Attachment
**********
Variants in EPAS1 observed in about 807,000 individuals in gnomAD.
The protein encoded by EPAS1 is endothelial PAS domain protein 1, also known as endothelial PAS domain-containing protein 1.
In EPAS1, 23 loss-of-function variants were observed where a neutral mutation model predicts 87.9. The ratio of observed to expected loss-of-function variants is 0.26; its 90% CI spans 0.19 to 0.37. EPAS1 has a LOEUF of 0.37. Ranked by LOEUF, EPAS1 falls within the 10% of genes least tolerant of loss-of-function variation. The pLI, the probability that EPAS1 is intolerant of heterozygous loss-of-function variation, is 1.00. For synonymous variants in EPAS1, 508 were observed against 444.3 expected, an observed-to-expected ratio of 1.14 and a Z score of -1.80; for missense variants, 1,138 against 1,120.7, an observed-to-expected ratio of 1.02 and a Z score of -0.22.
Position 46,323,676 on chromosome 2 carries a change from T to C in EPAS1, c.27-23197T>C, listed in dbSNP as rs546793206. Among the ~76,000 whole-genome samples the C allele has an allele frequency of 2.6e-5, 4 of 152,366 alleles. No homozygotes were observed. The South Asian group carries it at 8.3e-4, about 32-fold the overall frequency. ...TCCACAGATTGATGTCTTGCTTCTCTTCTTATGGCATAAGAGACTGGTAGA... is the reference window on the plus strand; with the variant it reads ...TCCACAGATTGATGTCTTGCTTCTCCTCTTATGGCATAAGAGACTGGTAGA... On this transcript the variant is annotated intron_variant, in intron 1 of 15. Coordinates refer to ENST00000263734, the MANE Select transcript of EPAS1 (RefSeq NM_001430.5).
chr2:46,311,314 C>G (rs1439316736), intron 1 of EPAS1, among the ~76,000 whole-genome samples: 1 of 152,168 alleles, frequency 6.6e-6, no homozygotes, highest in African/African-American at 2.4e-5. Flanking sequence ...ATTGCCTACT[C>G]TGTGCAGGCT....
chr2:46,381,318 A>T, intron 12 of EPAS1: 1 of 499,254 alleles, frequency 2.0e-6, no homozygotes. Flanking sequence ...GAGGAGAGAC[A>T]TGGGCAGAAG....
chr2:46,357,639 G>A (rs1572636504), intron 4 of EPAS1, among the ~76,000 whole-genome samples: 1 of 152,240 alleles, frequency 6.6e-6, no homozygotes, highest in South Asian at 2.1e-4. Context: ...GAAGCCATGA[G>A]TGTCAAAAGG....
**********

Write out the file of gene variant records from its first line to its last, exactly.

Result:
Variants in EPAS1 observed in about 807,000 individuals in gnomAD.
The protein encoded by EPAS1 is endothelial PAS domain protein 1, also known as endothelial PAS domain-containing protein 1.
In EPAS1, 23 loss-of-function variants were observed where a neutral mutation model predicts 87.9. The ratio of observed to expected loss-of-function variants is 0.26; its 90% CI spans 0.19 to 0.37. EPAS1 has a LOEUF of 0.37. Ranked by LOEUF, EPAS1 falls within the 10% of genes least tolerant of loss-of-function variation. The pLI, the probability that EPAS1 is intolerant of heterozygous loss-of-function variation, is 1.00. For synonymous variants in EPAS1, 508 were observed against 444.3 expected, an observed-to-expected ratio of 1.14 and a Z score of -1.80; for missense variants, 1,138 against 1,120.7, an observed-to-expected ratio of 1.02 and a Z score of -0.22.
Position 46,323,676 on chromosome 2 carries a change from T to C in EPAS1, c.27-23197T>C, listed in dbSNP as rs546793206. Among the ~76,000 whole-genome samples the C allele has an allele frequency of 2.6e-5, 4 of 152,366 alleles. No homozygotes were observed. The South Asian group carries it at 8.3e-4, about 32-fold the overall frequency. ...TCCACAGATTGATGTCTTGCTTCTCTTCTTATGGCATAAGAGACTGGTAGA... is the reference window on the plus strand; with the variant it reads ...TCCACAGATTGATGTCTTGCTTCTCCTCTTATGGCATAAGAGACTGGTAGA... On this transcript the variant is annotated intron_variant, in intron 1 of 15. Coordinates refer to ENST00000263734, the MANE Select transcript of EPAS1 (RefSeq NM_001430.5).
chr2:46,311,314 C>G (rs1439316736), intron 1 of EPAS1, among the ~76,000 whole-genome samples: 1 of 152,168 alleles, frequency 6.6e-6, no homozygotes, highest in African/African-American at 2.4e-5. Flanking sequence ...ATTGCCTACT[C>G]TGTGCAGGCT....
chr2:46,381,318 A>T, intron 12 of EPAS1: 1 of 499,254 alleles, frequency 2.0e-6, no homozygotes. Flanking sequence ...GAGGAGAGAC[A>T]TGGGCAGAAG....
chr2:46,357,639 G>A (rs1572636504), intron 4 of EPAS1, among the ~76,000 whole-genome samples: 1 of 152,240 alleles, frequency 6.6e-6, no homozygotes, highest in South Asian at 2.1e-4. Context: ...GAAGCCATGA[G>A]TGTCAAAAGG....